And all these apps should be installed from the SSD itself (meaning their setups should be on the SSD).Then you should test the startup and shutdown times.

    All these synthetic benchies dont make much sense, IMHO.
    Reply
  • mayankleoboy1
    I have found that when working with SSD's, single core CPU performance becomes a big bottleneck in some tasks.
    A lot of operations use only a single core and the SSD cant use its true potential. That is, the CPU cant process data as fast as the SSD can provide.
    This is just reverse of what happens in case of mechanical HDD's.
    Reply
  • acku
    http://www.tomshardware.com/reviews/ssd-520-sandforce-review-benchmark,3124-14.html
    You're not going to see a major difference.
    Reply
  • phamhlam
    mayankleoboy1I have found that when working with SSD's, single core CPU performance becomes a big bottleneck in some tasks.A lot of operations use only a single core and the SSD cant use its true potential. That is, the CPU cant process data as fast as the SSD can provide.This is just reverse of what happens in case of mechanical HDD's.
    Well, it is pointless though since everything you are doing is so fast that it doesn't matter anymore. I however see your point since I can be loading a program and my SSD is not even at max speed my CPU frequency is maxed out. The only way to get more speed is to just overclock as much as you can.
    Reply
  • mayankleoboy1
    ackuhttp://www.tomshardware.com/review 24-14.htmlYou're not going to see a major difference.

    that is the point of buying a cheaper SSD based on a chepaer NAND.
    Reply
  • compton
    Considering the conclusion that performance is defined by flash, I find it interesting that the one SF2281 with Toggle NAND at 60GB is not in the roundup (in North America anyway). The Mushkin Chronos Deluxe 60 is substantially cheaper now at $99. It's performance characteristics are much more profound than the 25nm ONFI sync/async models. They're often out of stock at Newegg, and for good reason.

    Reply
  • clownbaby
    Is there a benchmark to compare virtual memory performance? My current workstation has 24gb of memory, which means Windows eats up 36gb of my boot drive for virtual memory. (yes, I know I can change/disable it, but some programs act wonky when it's screwed with). A dedicated virtual memory drive would free up space on my primary ssd, as well as keep the writes down.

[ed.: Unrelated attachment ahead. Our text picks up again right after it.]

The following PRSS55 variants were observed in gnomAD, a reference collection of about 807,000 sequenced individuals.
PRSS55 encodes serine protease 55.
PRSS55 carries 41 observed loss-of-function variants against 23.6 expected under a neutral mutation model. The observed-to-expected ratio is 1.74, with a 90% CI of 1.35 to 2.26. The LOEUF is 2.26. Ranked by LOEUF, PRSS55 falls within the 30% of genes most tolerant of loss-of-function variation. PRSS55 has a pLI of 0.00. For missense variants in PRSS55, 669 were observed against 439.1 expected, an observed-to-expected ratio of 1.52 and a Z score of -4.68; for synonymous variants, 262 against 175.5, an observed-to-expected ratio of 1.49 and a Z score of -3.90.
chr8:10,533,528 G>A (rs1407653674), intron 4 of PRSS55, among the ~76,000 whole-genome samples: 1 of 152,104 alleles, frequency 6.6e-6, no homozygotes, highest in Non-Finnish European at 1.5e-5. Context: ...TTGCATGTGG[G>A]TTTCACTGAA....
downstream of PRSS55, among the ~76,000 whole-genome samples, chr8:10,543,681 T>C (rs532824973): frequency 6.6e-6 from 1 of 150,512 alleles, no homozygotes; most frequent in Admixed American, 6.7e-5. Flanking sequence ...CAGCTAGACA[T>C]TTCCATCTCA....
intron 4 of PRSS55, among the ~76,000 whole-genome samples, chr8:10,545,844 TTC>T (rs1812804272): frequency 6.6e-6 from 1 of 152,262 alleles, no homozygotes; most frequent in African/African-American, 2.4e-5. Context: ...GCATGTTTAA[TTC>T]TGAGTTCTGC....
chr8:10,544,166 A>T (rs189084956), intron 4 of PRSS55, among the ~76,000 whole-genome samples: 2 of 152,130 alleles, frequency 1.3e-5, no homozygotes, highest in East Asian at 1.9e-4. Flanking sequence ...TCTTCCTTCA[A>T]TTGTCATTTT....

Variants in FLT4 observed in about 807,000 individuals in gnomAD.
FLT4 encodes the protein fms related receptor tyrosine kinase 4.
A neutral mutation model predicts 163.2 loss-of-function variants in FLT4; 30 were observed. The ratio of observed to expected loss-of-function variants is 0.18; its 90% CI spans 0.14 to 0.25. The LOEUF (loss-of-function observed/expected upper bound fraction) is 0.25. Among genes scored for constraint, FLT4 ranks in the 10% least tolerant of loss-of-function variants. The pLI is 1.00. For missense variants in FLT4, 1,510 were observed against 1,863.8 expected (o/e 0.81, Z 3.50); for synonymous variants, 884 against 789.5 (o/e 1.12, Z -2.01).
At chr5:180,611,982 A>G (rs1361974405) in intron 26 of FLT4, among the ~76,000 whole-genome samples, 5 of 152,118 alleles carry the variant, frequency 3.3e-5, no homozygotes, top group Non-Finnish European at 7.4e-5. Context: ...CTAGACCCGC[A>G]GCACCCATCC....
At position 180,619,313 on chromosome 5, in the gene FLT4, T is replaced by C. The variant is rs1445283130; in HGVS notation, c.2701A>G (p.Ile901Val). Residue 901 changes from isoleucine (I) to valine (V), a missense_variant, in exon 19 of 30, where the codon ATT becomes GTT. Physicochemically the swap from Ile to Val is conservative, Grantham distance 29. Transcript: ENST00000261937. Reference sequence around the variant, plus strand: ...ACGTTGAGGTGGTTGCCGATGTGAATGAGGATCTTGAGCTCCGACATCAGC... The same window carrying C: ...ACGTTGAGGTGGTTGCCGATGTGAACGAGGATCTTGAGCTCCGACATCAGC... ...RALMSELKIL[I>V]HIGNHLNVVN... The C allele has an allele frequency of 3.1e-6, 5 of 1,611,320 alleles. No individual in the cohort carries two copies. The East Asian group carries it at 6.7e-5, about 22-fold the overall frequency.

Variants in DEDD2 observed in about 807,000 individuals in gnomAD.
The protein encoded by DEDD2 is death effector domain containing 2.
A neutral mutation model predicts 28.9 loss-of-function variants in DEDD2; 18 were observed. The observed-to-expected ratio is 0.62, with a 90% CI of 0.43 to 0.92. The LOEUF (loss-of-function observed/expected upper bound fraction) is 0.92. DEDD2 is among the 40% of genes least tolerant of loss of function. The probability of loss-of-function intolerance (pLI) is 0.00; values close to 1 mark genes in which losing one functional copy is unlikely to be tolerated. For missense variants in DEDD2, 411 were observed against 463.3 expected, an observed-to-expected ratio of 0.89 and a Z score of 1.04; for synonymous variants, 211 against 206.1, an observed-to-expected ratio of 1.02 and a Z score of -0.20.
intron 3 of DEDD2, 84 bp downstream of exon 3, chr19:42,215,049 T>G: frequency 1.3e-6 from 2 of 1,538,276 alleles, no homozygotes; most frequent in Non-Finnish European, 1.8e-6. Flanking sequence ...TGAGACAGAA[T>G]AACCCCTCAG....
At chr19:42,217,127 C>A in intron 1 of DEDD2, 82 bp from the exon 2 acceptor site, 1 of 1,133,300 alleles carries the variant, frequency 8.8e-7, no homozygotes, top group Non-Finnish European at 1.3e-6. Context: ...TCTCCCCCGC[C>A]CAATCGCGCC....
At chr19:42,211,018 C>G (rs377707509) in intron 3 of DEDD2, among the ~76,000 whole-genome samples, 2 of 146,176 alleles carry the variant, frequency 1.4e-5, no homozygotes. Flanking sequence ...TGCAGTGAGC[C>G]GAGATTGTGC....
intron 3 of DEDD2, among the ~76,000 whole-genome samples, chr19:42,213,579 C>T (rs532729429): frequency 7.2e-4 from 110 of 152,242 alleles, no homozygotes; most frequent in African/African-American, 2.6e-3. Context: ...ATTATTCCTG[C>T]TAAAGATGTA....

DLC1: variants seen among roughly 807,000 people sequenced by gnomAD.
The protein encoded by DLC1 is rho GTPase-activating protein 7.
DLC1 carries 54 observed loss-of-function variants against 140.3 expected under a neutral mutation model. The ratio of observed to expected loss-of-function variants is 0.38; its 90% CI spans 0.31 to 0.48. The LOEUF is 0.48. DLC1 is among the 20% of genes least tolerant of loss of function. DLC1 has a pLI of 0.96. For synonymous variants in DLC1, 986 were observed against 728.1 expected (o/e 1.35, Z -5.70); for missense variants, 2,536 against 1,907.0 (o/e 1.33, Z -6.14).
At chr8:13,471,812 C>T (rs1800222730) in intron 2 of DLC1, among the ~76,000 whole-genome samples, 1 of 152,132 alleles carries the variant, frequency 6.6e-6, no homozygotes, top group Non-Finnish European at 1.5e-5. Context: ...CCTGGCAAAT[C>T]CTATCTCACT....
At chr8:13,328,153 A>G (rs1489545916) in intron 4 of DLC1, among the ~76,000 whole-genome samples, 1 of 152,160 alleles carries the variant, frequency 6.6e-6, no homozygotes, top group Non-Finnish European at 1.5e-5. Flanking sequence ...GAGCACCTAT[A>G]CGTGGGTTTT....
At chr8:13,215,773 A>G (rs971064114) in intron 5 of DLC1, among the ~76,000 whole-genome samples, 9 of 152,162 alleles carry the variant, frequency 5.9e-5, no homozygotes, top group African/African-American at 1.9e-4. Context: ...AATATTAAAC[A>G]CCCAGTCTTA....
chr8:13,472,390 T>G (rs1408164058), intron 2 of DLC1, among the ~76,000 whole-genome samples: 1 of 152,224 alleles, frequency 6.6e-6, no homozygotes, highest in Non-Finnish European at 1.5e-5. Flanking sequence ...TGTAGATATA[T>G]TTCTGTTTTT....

I'd also like to see small drives benchmarked as swap drives in video editing machines. Currently I'm using a raid 0 array of 1tb samsung drives that keeps up well enough, but I'd be interested to see if there are tangible productivity differences.
    Reply
  • fwiw...intel uses its own premium binned 25nm sych...that why 4k read were so good.
    Reply
  • JackNaylorPE
    With a final page heading "Performance Is Defined By Flash" I would have like to see that difference looked at more closely. For example, the Mushkin Chronos Deluxe uses premium 3Xnm Toshiba Toggle Mode Flash (as does Patriot Wildfire, Vertex 3 Max IOPS and OWC Mercury Extreme Pro) and I would love to see for example how just changing the Flashin in an SSD from the same manufacturer and line (i.e Chronos standard versus Deluxe, Vertex 3 versus Vertex 3 Max IOPS). With that info, a user can decide whether it's makes sense to invest in say the premium Toshiba stuff as compared to the "same SSD w/o the premium Flash. That was what I expected to see when I read the referenced page heading.
    Reply
  • jsowoc
    I'm wondering why Toms' own trace-based benchmark didn't make it into this round-up? Does it take much longer to run than the other tests? While comparing synthetics is important to determine why a certain drive behaves a certain way, trace-based benchmarks (PCMark 7 could be considered trace-based) is what makes the final purchasing decision. In this case, PCMark was the one with the most clear-cut differences, ones that would likely be mirrored in a trace-based benchmark.

    For a future SSD review/roundup could you take, for example, 10 real-life traces from 10 different editor's machines (the more variation in workload, the better), and then compare the %change in execution time vs. a reference drive?
    Reply